State Bank of India State Bank of Bikaner and Jaipur State Bank of Hyderabad State Bank of Indore State Bank of Mysore State Bank of Saurashtra State Bank of Travancore Andhra Bank Allahabad Bank Bank of Baroda Bank of India Bank of Maharashtra Canara Bank Central Bank of India Corporation Bank Dena Bank Indian Overseas Bank Indian Bank Oriental Bank of Commerce Punjab National Bank Punjab and Sind Bank Syndicate Bank Union Bank of India United Bank of India UCO Bank Vijaya Bank


The following are the Scheduled Banks in India (Private Sector):

ING Vysya Bank Ltd Axis Bank Ltd Indusind Bank Ltd ICICI Bank Ltd South Indian Bank HDFC Bank Ltd Centurion Bank Ltd Bank of Punjab Ltd IDBI Bank Ltd

The following are the Scheduled Foreign Banks in India:

American Express Bank Ltd. ANZ Gridlays Bank Plc. Bank of America NT & SA Bank of Tokyo Ltd. BanqucNationale de Paris Barclays Bank Plc Citi Bank N.C. Deutsche Bank A.G. Hongkong and Shanghai Banking Corporation Standard Chartered Bank. The Chase Manhattan Bank Ltd. Dresdner Bank AG.

Banks in India
In India the banks are being segregated in different groups. Each group has their own benefits and limitations in operating in India. Each has their own dedicated target market. Few of them only work in rural sector while others in both rural as well as urban. Many even are only catering in cities. Some are of Indian origin and some are foreign players. All these details and many more is discussed over here. The banks and its relation with the customers, their mode of operation, the names of banks under different groups and other such useful informations are talked about. One more section has been taken note of is the upcoming foreign banks in India. The RBI has shown certain interest to involve more of foreign banks than the existing one recently. This step has paved a way for few more foreign banks to start business in India. Major Banks in India


ABN-AMRO Bank Abu Dhabi Commercial Bank American Express Bank Andhra Bank Allahabad Bank Axis Bank (Earlier UTI Bank) Bank of Baroda Bank of India Bank of Maharastra Bank of Punjab Bank of Rajasthan Bank of Ceylon BNP Paribas Bank Canara Bank Catholic Syrian Bank Central Bank of India Centurion Bank China Trust Commercial Bank Citi Bank City Union Bank Corporation Bank Dena Bank Deutsche Bank Development Credit Bank Dhanalakshmi Bank Federal Bank HDFC Bank HSBC ICICI Bank IDBI Bank

Indian Bank Indian Overseas Bank IndusInd Bank ING Vysya Bank Jammu & Kashmir Bank JPMorgan Chase Bank Karnataka Bank KarurVysya Bank Laxmi Vilas Bank Oriental Bank of Commerce Punjab National Bank Punjab & Sind Bank Scotia Bank South Indian Bank Standard Chartered Bank State Bank of India (SBI) State Bank of Bikaner & Jaipur State Bank of Hyderabad State Bank of Indore State Bank of Mysore State Bank of Saurastra State Bank of Travancore Syndicate Bank Taib Bank UCO Bank Union Bank of India United Bank of India United Western Bank Vijaya Bank

Public Sector Banks in India

Among the Public Sector Banks in India, United Bank of India is one of the 14 major banks which were nationalised on July 19, 1969. Its predecessor, in the Public Sector Banks, the United Bank of India Ltd., was formed in 1950 with the amalgamation of four banks viz. Comilla Banking Corporation Ltd. (1914), Bengal Central Bank Ltd. (1918), Comilla Union Bank Ltd. (1922) and Hooghly Bank Ltd. (1932). Oriental Bank of Commerce (OBC), a Governmet of India Undertaking offers Domestic, NRI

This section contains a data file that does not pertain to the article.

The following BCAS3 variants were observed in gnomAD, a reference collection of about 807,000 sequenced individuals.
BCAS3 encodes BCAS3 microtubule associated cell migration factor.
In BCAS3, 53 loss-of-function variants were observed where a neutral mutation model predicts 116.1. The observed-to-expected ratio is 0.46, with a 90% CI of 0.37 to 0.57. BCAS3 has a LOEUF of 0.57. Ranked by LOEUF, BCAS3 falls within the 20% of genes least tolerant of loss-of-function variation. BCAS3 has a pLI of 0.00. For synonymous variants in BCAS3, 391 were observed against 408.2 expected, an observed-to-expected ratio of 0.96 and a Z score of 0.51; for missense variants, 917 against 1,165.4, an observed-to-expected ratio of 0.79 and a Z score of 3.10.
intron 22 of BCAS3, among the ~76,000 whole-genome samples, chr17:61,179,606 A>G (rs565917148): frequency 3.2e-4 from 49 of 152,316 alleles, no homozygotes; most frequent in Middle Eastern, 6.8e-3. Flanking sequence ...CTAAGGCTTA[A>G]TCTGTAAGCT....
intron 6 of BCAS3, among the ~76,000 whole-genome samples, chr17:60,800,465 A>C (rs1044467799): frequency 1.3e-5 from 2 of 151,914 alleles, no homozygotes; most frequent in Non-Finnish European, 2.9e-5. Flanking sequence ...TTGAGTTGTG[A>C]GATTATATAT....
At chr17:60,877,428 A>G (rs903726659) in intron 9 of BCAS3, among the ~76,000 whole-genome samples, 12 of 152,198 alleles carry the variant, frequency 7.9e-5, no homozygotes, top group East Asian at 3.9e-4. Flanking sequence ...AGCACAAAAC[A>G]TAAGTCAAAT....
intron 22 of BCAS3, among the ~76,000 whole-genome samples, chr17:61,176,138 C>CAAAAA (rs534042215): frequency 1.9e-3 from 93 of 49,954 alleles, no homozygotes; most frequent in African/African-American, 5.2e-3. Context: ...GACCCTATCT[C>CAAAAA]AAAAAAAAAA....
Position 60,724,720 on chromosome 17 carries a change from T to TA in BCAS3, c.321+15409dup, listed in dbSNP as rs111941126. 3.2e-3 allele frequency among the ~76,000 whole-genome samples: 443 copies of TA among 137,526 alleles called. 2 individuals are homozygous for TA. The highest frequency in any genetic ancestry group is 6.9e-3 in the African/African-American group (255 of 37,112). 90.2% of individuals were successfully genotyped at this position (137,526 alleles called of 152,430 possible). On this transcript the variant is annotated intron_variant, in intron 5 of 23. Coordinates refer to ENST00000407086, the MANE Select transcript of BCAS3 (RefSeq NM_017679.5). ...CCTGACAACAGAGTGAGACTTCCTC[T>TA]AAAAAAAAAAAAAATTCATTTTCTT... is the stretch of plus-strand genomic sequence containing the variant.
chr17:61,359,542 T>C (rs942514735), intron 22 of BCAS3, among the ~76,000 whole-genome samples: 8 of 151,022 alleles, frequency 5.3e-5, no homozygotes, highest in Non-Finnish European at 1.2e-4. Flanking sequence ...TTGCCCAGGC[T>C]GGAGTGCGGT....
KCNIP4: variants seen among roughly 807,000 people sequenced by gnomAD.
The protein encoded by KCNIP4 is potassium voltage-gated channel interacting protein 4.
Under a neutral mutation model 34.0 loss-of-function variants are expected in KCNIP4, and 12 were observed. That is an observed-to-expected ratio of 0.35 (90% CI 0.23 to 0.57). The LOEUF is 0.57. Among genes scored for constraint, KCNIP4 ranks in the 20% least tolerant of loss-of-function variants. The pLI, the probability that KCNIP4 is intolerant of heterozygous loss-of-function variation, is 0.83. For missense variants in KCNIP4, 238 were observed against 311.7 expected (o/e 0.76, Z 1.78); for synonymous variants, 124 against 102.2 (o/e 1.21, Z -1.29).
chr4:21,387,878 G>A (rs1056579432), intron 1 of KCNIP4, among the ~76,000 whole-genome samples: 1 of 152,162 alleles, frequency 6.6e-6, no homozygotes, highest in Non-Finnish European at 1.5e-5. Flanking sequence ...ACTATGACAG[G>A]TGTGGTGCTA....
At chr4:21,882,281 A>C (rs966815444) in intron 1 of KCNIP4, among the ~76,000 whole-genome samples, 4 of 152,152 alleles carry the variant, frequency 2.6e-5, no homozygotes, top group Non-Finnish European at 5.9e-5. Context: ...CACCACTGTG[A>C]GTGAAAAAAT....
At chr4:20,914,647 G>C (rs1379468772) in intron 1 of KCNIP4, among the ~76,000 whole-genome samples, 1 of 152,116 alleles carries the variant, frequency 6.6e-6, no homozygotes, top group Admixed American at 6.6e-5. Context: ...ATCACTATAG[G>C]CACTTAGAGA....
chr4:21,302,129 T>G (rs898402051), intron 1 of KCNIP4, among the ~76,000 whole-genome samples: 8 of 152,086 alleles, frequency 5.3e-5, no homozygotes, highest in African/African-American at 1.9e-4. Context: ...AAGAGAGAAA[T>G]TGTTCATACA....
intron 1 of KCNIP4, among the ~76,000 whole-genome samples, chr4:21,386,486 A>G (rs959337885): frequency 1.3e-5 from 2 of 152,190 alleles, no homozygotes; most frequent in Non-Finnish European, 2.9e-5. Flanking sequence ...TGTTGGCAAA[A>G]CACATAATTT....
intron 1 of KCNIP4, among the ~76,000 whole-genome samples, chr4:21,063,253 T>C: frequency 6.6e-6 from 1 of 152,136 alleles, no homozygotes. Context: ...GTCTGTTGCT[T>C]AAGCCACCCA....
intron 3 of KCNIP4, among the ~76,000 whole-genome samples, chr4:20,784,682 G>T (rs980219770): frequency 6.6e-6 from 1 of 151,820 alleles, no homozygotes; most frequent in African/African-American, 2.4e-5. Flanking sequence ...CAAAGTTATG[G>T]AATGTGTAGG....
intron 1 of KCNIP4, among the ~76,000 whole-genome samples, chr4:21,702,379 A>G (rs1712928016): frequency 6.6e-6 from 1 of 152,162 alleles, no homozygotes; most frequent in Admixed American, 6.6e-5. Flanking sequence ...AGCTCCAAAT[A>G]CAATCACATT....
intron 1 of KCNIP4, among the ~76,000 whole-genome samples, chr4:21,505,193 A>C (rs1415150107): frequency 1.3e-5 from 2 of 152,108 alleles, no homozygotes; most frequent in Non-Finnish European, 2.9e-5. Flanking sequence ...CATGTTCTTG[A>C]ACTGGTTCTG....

and Commercial banking services. OBC is implementing a GRAMEEN PROJECT in Dehradun District (UP) and Hanumangarh District (Raiasthan) disbursing small loans. This Public Secotor Bank India has implemented 14 point action plan for strengthening of credit delivery to women and has designated 5 branches as specialized branches for women entrepreneurs. The following are the list of Public Sector Banks in India

Allahabad Bank Andhra Bank Bank of Baroda Bank of India Bank of Maharastra Canara Bank Central Bank of India Corporation Bank Dena Bank Indian Bank Indian Overseas Bank Oriental Bank of Commerce Punjab & Sind Bank Punjab National Bank Syndicate Bank UCO Bank Union Bank of India United Bank of India Vijaya Bank

List of State Bank of India and its subsidiary, a Public Sector Banks

State Bank of India State Bank of Bikaner & Jaipur State Bank of Hyderabad State Bank of Indore State Bank of Mysore State Bank of Saurastra State Bank of Travancore

Private Sector Banks

Private banking in India was practiced since the begining of banking system in India. The first private bank in India to be set up in Private Sector Banks in India was IndusInd Bank. It is one of the fastest growing Bank Private Sector Banks in India. IDBI ranks the tength largest development bank in the world as Private Banks in India and has promoted a world class institutions in India.


The first Private Bank in India to receive an in principle approval from the Reserve Bank of India was Housing Development Finance Corporation Limited, to set up a bank in the private sector banks in India as part of the RBI's liberalisation of the Indian Banking Industry. It was incorporated in August 1994 as HDFC Bank Limited with registered office in Mumbai and commenced operations as Scheduled Commercial Bank in January 1995. ING Vysya, yet another Private Bank of India was incorporated in the year 1930. Bangalore has a pride of place for having the first branch inception in the year 1934. With successive years of patronage and constantly setting new standards in banking, ING Vysya Bank has many credits to its account. List of Private Banks in India